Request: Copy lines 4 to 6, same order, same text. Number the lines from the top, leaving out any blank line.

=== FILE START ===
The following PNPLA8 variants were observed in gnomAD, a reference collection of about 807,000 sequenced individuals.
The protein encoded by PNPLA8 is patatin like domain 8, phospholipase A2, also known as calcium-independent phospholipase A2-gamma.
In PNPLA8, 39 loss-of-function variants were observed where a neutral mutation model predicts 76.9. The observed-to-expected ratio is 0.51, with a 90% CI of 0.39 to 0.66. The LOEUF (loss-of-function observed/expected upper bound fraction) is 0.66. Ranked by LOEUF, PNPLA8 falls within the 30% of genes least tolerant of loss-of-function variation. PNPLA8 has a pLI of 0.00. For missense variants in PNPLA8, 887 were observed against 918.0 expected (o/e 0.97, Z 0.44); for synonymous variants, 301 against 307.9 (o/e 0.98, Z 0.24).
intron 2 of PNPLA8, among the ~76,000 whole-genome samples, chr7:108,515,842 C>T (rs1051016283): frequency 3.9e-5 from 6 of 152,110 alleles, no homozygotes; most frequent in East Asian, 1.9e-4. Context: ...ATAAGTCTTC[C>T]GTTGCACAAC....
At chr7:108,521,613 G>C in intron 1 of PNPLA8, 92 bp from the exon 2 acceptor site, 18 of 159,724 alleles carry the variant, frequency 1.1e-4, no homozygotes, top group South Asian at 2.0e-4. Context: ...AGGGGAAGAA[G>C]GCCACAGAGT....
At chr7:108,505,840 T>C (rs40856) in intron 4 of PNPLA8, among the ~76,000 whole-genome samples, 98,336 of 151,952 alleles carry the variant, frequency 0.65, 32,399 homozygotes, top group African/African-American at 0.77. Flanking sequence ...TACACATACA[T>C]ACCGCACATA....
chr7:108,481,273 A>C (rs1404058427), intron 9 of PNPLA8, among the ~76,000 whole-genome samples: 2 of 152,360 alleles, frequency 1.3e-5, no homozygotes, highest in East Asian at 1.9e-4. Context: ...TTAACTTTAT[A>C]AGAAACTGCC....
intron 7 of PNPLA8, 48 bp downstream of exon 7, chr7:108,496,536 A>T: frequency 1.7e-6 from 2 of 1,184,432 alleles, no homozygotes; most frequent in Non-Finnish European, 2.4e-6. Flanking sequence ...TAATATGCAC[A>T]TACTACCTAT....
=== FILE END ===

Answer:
intron 2 of PNPLA8, among the ~76,000 whole-genome samples, chr7:108,515,842 C>T (rs1051016283): frequency 3.9e-5 from 6 of 152,110 alleles, no homozygotes; most frequent in East Asian, 1.9e-4. Context: ...ATAAGTCTTC[C>T]GTTGCACAAC....
At chr7:108,521,613 G>C in intron 1 of PNPLA8, 92 bp from the exon 2 acceptor site, 18 of 159,724 alleles carry the variant, frequency 1.1e-4, no homozygotes, top group South Asian at 2.0e-4. Context: ...AGGGGAAGAA[G>C]GCCACAGAGT....
At chr7:108,505,840 T>C (rs40856) in intron 4 of PNPLA8, among the ~76,000 whole-genome samples, 98,336 of 151,952 alleles carry the variant, frequency 0.65, 32,399 homozygotes, top group African/African-American at 0.77. Flanking sequence ...TACACATACA[T>C]ACCGCACATA....